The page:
JUNEAU, Alaska — State lawmakers looked to end the extended legislative session Monday amid a still-unsettled budget.
The Senate voted Monday morning to accept a budget proposal, but the state government could be left with just partial funding if House Democrats don't offer their support.
The House's Democratic-led minority has opposed cuts to education included in the budget plan as well as the budget's rejection of negotiated pay raises for labor union contracts for next year, among other things. Democratic support is needed in the House to meet the threshold required to authorize a draw from the constitutional budget reserve to cover costs of state government.
House minority leader Chris Tuck, D-Anchorage, said talks broke down Monday morning.
The budget proposal, advanced by a conference committee late Saturday and accepted by the Senate, would use money previously set aside for schools to help cover this year's deficit. To fund schools for the coming fiscal year, the committee proposed a blend of general funds and $157 million from an in-state gas pipeline fund. That's the fund that Gov. Bill Walker otherwise would use for an alternate gas pipeline project that Republican leaders have tried to restrict. Senate President Kevin Meyer, R-Anchorage, said there would still be about $30 million left in the fund.
While the Senate proposed a $47.5 million cut in school funding for next year in its version of the budget, the conference committee settled on a $16.5 million cut. That would be on top of cutting $52 million in one-time funds between 2016 and 2017, a cut first proposed by Walker and part of a separate spending package.
Lawmakers in the GOP-led majority said the one-time funds were approved at a time when oil prices were much higher and the state was in a different situation. The budget would not forward-fund education for 2017.
The budget proposal calls for a constitutional budget reserve vote for this year and next. Under the proposal, if the three-fourths vote fails and the amount available this year doesn't cover costs the amount necessary would come from a fund used for student scholarships.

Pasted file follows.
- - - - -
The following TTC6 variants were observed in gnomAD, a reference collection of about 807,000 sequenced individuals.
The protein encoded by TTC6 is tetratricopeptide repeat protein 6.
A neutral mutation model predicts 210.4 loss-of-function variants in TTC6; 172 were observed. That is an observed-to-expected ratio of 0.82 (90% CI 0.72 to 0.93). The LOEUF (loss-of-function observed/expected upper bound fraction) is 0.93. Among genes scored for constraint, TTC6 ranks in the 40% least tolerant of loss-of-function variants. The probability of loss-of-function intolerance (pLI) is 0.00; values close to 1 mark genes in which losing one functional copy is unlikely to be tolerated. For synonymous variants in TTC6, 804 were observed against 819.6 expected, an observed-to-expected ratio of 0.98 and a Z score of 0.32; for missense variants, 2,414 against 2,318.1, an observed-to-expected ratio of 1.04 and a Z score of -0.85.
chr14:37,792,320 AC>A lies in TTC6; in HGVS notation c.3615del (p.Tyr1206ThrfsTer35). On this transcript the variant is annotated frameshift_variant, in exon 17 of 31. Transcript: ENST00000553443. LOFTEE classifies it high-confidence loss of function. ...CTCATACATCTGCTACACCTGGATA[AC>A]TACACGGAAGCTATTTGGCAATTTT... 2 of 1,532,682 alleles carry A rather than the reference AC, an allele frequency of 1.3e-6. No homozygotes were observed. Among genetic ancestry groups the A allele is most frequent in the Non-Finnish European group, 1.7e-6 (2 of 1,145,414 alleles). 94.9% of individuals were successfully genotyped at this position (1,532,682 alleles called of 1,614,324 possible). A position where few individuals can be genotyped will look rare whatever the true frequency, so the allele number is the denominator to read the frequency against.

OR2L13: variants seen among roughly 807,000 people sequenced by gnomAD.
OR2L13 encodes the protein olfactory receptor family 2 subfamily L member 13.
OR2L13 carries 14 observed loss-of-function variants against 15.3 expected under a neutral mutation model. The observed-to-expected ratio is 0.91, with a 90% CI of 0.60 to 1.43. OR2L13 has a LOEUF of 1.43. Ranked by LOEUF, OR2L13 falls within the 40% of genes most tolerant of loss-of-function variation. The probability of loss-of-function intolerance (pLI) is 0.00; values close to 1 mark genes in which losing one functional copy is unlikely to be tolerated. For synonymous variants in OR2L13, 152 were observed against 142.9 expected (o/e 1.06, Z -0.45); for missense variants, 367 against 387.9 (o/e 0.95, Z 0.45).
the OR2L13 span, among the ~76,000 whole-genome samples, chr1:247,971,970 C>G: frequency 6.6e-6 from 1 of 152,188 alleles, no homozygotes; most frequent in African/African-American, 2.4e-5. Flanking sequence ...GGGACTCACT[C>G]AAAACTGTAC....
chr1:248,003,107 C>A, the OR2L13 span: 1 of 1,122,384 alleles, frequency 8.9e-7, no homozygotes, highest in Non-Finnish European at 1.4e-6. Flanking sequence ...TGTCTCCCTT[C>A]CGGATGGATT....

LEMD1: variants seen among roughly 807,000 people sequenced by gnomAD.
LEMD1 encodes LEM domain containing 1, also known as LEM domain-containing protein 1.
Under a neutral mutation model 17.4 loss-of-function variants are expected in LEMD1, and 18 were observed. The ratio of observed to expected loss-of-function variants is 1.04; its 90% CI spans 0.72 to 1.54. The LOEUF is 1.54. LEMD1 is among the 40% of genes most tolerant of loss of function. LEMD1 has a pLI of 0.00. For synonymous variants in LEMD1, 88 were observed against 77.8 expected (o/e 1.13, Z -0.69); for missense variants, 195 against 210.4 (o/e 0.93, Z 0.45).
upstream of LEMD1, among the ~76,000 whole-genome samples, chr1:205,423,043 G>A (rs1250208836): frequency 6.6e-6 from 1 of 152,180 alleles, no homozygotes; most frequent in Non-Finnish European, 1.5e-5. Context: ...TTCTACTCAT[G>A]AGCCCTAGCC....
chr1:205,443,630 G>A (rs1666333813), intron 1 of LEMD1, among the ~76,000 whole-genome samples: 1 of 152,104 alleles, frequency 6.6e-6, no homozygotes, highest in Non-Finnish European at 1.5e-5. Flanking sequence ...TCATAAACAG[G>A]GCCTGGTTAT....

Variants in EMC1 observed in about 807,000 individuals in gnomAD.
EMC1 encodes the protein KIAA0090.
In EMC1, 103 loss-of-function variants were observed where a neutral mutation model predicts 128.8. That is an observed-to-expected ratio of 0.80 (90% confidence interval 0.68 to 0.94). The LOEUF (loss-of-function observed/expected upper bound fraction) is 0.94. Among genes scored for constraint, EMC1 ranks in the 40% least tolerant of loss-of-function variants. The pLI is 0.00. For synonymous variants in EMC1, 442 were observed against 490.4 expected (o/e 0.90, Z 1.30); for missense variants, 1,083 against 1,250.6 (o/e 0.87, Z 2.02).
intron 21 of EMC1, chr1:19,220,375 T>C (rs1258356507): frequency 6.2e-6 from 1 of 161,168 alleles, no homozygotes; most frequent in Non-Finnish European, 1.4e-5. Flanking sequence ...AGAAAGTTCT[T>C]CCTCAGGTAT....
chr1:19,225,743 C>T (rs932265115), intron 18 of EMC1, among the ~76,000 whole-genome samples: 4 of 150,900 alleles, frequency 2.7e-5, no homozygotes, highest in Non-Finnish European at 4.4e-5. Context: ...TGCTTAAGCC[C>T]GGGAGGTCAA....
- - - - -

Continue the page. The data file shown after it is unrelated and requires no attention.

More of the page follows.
While the administration has said there would be money to operate into the fall, it is expected at some point that a draw from reserves would be needed to help fill what is projected to be a multibillion-dollar budget hole. Walker spokeswoman Grace Jang has said the governor expects the legislature to pass a fully funded budget.
The Senate voted to authorize the draw.
The dramatic fall in oil prices since legislators finished their work last April has exacerbated Alaska's budget deficit. The focus this session has been on cutting spending and reducing the size of state government before beginning in earnest any discussions about additional revenues. In line with that, lawmakers passed a bill putting on hold the state's obligation to reimburse a portion of school bond debt payments. They also voted to repeal scheduled 2.5-percent pay raises for certain state workers not covered by unions.
Supporters of efforts to cancel planned raises for union and non-union workers said it was an effort to save jobs; critics said the state should honor its commitments.
Failure to reach a budget agreement sent the session, scheduled to end April 19, into overtime.